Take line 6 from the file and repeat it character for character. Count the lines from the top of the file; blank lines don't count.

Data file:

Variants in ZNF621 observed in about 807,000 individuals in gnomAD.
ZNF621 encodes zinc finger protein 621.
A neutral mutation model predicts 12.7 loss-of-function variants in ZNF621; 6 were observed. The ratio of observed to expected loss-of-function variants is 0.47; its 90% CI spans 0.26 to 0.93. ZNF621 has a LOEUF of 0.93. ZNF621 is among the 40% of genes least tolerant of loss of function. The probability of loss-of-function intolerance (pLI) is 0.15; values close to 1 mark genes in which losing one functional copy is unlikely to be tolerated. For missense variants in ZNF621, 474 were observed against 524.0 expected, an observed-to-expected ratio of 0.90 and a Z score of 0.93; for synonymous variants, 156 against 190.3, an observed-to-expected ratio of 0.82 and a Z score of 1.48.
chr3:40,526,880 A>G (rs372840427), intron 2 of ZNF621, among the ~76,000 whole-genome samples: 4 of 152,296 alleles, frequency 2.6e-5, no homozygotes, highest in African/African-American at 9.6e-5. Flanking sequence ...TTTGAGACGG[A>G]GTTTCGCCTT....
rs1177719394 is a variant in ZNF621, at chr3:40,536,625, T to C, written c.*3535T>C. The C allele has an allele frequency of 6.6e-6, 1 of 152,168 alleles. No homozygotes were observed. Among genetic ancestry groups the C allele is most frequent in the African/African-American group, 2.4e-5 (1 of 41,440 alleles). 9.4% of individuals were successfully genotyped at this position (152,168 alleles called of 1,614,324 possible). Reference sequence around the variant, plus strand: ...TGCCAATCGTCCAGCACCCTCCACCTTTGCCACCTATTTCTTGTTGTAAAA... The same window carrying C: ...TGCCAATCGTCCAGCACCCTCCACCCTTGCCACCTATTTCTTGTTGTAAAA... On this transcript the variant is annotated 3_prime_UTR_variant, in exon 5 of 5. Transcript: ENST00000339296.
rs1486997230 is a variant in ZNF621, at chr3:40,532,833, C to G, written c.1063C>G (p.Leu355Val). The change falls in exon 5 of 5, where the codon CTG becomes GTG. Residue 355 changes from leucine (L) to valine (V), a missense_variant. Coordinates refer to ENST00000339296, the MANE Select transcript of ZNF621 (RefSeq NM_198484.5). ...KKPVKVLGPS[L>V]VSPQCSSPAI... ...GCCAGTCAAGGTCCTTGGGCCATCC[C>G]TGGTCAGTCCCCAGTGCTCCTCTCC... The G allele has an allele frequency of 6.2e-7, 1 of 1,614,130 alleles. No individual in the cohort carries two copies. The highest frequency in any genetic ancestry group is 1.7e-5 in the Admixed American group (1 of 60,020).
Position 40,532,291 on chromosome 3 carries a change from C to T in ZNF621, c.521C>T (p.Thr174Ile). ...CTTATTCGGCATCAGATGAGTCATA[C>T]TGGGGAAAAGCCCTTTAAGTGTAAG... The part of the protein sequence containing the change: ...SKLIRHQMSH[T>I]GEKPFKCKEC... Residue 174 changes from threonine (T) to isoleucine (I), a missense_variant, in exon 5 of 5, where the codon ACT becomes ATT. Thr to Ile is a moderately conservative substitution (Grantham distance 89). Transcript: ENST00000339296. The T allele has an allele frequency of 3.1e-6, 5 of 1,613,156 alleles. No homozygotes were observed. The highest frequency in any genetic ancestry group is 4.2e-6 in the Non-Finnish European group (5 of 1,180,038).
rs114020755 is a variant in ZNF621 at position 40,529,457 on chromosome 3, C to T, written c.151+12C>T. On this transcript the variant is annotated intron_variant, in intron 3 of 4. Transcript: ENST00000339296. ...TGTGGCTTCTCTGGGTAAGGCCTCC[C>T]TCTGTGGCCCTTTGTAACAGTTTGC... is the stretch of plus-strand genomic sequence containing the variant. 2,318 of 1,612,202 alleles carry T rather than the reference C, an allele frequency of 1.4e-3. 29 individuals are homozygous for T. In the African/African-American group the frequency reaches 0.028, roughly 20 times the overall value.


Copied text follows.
rs1486997230 is a variant in ZNF621, at chr3:40,532,833, C to G, written c.1063C>G (p.Leu355Val). The change falls in exon 5 of 5, where the codon CTG becomes GTG. Residue 355 changes from leucine (L) to valine (V), a missense_variant. Coordinates refer to ENST00000339296, the MANE Select transcript of ZNF621 (RefSeq NM_198484.5). ...KKPVKVLGPS[L>V]VSPQCSSPAI... ...GCCAGTCAAGGTCCTTGGGCCATCC[C>G]TGGTCAGTCCCCAGTGCTCCTCTCC... The G allele has an allele frequency of 6.2e-7, 1 of 1,614,130 alleles. No individual in the cohort carries two copies. The highest frequency in any genetic ancestry group is 1.7e-5 in the Admixed American group (1 of 60,020).